Category Archives: Creation Corner

Irreducible complexity

Plasmodium falciparum illustrates irreducible complexity by being slow to develop resistance to the quinines.
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Irreducible complexity. That phrase gets a lot of attention in the creation-evolution debate, or the accident-design debate. As well it should. Irreducible complexity shows that life did not come about by accident, but by design. Recently the advocates for “intelligent design” claimed vindication. Now it’s time to review the concept.

Calendar: from 360 to 365

Amenemhet I
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When did human beings adopt a 365-day year? Why does a circle have 360 degrees in it? What does one question have to do with the other? The answer has to do with the Global Flood, and how that Flood forced a change in the calendar, long after it happened.

Gravity waves – not so fast

The supposed gravity wave map. But is this merely the image of a dust cloud closer to home?
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Three months and two days ago, John Kovacs and his team boasted before the world they had found the signature of gravity waves in deep space. This, they said, proved the long-held theory of spatial inflation, the key event in the Big Bang. Now at last they published their findings. And they have to admit they might have it completely wrong.

Giant impact not proven

moon
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A team of isotope geologists now say they have definitive proof that a giant impactor, four and a half billion years ago, struck the earth and formed the moon. What they’ve found does not convince even every conventional scientist. A leading creation scientist says this new finding does not change his own conclusion: the giant impact hypothesis is unworkable, and the recent finding is further evidence of his own theory.

Ex nihilo: out of nothing

Sound waves in the early universe, a key element in creation out of nothing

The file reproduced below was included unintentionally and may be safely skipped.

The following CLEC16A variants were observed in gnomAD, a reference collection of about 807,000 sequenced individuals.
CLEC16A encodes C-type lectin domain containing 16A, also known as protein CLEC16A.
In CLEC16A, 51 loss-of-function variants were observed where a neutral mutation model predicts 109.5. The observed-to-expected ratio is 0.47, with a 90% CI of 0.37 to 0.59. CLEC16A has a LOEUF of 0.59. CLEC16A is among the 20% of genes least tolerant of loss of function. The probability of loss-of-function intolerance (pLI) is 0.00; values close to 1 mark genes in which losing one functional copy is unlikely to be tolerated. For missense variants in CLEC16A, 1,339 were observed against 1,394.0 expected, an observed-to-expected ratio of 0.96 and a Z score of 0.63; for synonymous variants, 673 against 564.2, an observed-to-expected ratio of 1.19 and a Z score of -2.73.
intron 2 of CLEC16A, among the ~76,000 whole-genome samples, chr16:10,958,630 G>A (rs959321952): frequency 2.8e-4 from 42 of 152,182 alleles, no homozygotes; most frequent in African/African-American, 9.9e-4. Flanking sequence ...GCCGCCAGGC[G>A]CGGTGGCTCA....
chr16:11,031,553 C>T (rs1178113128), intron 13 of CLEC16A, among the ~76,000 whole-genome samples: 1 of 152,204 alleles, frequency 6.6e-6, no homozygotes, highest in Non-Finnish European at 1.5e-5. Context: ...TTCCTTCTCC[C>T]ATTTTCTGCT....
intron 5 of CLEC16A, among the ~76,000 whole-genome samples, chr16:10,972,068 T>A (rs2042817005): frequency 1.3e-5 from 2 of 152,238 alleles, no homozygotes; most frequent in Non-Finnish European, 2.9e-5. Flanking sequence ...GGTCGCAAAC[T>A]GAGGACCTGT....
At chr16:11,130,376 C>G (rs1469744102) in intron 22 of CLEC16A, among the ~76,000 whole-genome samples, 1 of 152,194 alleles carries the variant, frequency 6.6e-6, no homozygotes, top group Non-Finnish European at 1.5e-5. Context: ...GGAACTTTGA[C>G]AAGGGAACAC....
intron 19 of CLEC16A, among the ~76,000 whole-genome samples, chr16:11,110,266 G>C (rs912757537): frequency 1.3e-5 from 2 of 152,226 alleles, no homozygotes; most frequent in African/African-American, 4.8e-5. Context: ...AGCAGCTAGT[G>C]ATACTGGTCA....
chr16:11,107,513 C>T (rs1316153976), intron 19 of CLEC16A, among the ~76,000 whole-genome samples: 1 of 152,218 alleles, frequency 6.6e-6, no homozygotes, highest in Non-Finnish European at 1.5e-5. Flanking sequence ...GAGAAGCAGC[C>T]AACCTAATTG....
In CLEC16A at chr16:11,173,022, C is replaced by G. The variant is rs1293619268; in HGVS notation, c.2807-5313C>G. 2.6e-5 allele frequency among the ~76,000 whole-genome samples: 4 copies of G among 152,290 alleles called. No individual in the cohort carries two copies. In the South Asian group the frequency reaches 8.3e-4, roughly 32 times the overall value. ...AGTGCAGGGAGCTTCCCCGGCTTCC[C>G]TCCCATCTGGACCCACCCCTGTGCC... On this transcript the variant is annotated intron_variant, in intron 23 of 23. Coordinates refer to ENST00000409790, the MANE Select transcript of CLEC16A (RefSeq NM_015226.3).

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Since Einstein unsuccessfully spent the last 30 years of his life looking for it, Grand Unification Theory (GUTs) has remained the golden fleece of physics. GUTs requires that the small and large forces of physics must not conflicti. It is believed that resolving the conflict of these forces will most likely lie in understanding and developing string physics. As significant as the future discovery of GUTs or the development of string physics may be, it will only lead to another question: how did something come out of nothing? It is the understanding of how the organization of energy existing in a zero point vacuum (referred to as Zero-Point Energy or ZPE) ultimately transitions into matter and information that needs to be understood.

Trans-Neptunian objects: from earth?

Trans-Neptunian objects often share a common orbital element
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Trans-Neptunian objects may have formed from water, rock and mud ejected into space at the beginning of the Global Flood on earth, a creation scientist announced yesterday.

Peer review potential and peril

Sir Fred Hoyle understood the dangers of peer review abuse
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Almost without fail, any critic of creation science will utter the phrase peer review to suggest creation science has no merit. The premise: only by peer review can any scientist be sure he is reading something truly important, and not insubstantial junk. True enough, some men claiming to be scientists, do not follow the scientific method as closely as they should. But sometimes “peer review” can become a means to exclude new ideas, whether they have merit or not. So lack of “peer review” does not necessarily deny merit to a new idea.

Evolution: shouldn’t Eskimos grow fur?

Do whales really represent a step in evolution from land back to the sea?
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As a Creationist I tend to watch and read more secular material than most might expect. There is a good reason for this. Usually the secular material provides me with the best arguments against Evolution imaginable – and on many occasions, the material provides me with a good laugh as well. While watching a few minutes of the History Channel’s program entitled The Big History of Everything, a few interesting questions shot through my mind along with a few chuckles.

Crime, science, and consequences

For failing to predict this, six scientifsts were convicted of a crime.
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Is providing false scientific information ever a crime? Usually not. But in a case that actually came to trial more than two years ago, a court said it was. In certain other cases, it should be.

Methane and mass extinction: not so fast

Flaming ice containing methane
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Yesterday (March 31, 2014), an article offering to explain a purported mass extinction event appeared in Proceedings of the National Academy of Sciences. The authors sought to solve a riddle that has annoyed geologists and paleontologists for decades. But they forgot to look at other ways to explain what they saw. And they never once considered that all their colleagues might be misinterpreting, as a mass extinction event, something far simpler.